Monday, March 25, 2013

Digital Storytelling Resources

As we strive to find new ways to engage students, one technique that really seems to work is the idea of using digital storytelling.  While the definition of digital storytelling may differ according to the person and purpose of which you are speaking, it is essential the modern expression of the ancient art of storytelling that  has been taking places in cultures throughout history.  According to Leslie Rule at the Digital Storytelling Association,
"Digital Storytelling is the modern expression of the ancient art of storytelling. Throughout history, storytelling has been used to share knowledge, wisdom, and values. Stories have taken many different forms. Stories have been adapted to each successive medium that has emerged, from the circle of the campfire to the silver screen, and now the computer screen."
 Digital storytelling can take place in many classrooms and at various age levels. In addition, the use of digital storytelling hits many of the Technology Targets!  YEA!  Below you will find some really great resources for learning about digital storytelling, exploring some online resources and staying within copyright, fair use and intellectual property laws.  As always, you Technology Integrators would love to collaborate on any projects you are ready to try.  Let us know!

Wesley Fryer's Digital Storytelling Wiki
The Art of Telling Digital Stories by Bernajean Porter
50 Ways to Tell a Story - Story Tools
David Jakes Digital Storytelling Collection
Kathy Schrock's Guide to Digital Storytelling


Friday, March 22, 2013

Instant Google Street View

Going to an unknown location is often a little unsettling.  Uncertainty of finding the location, the parking, business of the location, are always in my head.  Sometimes I know I have been there but just cannot quite picture the location in my mind.  Enter Instant Google Street View!  This resource instantly searches an address or location and shows you the street view of that location.  It actually starts searching location as you type things in.
While I have to admit, as silly as it sounds, the first address I tried was my own.  And why do we do that?  It is not like I don't know what my house looks like!  Anyway, after having a good gander at my house and musing about how I wish I would have seen the Google car go by taking the photos, I moved on to more interesting places like the Eiffel Tower in Paris, France and The White House.  Interestingly, the White House does not bring up a street view of the building but an interior tour.  I am sure that is done for security reasons, but I got to thinking about all the locations that a teacher could type in to help students gain a frame of reference for a specific unit of study.  Some ideas for the use of Instant Google Street View were:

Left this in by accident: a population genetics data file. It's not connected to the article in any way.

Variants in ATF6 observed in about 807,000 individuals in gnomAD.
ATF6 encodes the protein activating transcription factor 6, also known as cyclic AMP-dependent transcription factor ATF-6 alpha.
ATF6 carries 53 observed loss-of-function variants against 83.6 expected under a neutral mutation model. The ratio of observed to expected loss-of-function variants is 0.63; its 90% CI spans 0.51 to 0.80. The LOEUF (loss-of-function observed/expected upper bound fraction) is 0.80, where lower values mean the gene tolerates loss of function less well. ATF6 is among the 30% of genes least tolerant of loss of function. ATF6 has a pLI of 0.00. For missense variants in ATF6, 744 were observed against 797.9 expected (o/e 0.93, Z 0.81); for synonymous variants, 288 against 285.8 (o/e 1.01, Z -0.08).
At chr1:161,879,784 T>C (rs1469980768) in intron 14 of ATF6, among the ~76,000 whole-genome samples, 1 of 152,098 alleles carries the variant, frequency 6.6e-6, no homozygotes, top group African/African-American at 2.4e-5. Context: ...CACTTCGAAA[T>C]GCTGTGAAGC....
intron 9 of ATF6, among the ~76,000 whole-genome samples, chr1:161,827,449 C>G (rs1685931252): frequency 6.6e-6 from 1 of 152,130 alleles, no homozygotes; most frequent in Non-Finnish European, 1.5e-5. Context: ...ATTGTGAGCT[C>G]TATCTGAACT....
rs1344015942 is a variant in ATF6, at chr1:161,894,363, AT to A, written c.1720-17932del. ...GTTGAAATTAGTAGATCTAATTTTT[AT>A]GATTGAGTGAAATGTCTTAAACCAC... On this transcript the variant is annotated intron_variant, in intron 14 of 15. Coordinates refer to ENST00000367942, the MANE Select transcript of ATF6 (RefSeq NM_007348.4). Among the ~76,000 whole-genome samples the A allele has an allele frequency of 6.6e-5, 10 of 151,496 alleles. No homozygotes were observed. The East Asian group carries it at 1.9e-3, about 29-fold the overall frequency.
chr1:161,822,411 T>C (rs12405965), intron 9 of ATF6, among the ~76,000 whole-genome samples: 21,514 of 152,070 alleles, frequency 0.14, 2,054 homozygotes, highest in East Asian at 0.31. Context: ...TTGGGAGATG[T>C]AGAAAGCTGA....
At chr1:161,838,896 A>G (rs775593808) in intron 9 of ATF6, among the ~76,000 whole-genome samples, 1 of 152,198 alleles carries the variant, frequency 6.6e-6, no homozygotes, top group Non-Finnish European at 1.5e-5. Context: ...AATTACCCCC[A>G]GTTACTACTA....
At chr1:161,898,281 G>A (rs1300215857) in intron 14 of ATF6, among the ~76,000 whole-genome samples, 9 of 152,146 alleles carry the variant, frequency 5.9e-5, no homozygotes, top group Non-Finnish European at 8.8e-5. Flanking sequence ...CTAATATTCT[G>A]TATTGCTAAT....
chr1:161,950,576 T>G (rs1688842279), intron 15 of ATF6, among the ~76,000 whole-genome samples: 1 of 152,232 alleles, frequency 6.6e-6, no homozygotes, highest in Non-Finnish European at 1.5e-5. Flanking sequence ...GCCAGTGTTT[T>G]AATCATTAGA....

• Historical locations 
  • field trip locations (Capitol building in Madison was great)
  • National Parks (Not always a street view but very cool!)
  • A unique house for a descriptive paragraph or story starter
  • Vacation destinations

Thursday, March 21, 2013

Google Lit Trips

A really fantastic literacy idea that any teacher could make use of is a Google Lit Trip. Google Lit Trips are free files that you can download that work with Google Earth.  The file will mark the events of literature by using the Google Earth location or setting that the book characters progress through over the period of the story.  It gives the reader extra resources, insight and experiences as they read the story   The Google Lit trip is a project that is supported by Google but remains free.  The intention of the resource is for students or readers of all ages to really get excited about reading and add a dimension through critical thought to their reading experience.  There are resources for educator from kindergarten to higher Education supported through Google Lit Trips.  You can explore literature from classics such as Make Way for Ducking to The Grapes of Wrath.  Current titles such as Walk Two Moons by Sharon Creech or Are We There Yet ? by Alison Lester are also available.  This is such a great resource!
Check out Google Lit Trips at:


Gone Google

Every now and then you get to searching for something and end up finding a gen of a resource that you really like but did not necessarily set out to find.  That was the case today when I sat down to look over some blogs I had tagged to read later.  Through a series of clicks through resources, I found the site Gone Google - Lessons and Ideas for 21st Century Learning.  It is a site created by a Google Certified teacher and as the title indicates, it is built as a resource for teachers that are entering into the Google Apps world to make use of to get ideas.  Each of the lesson ideas are developed and grouped by subject.  Currently you will find Art, Language Arts, Science and Social Studies ideas.  Some of the links were permission based but others were open so don't get frustrated.  If you see one you like that you don't have permission to see, you might try to email the owner and see if they will add your email and open it to you.  Most people are willing to share!  Check out this resource today! RY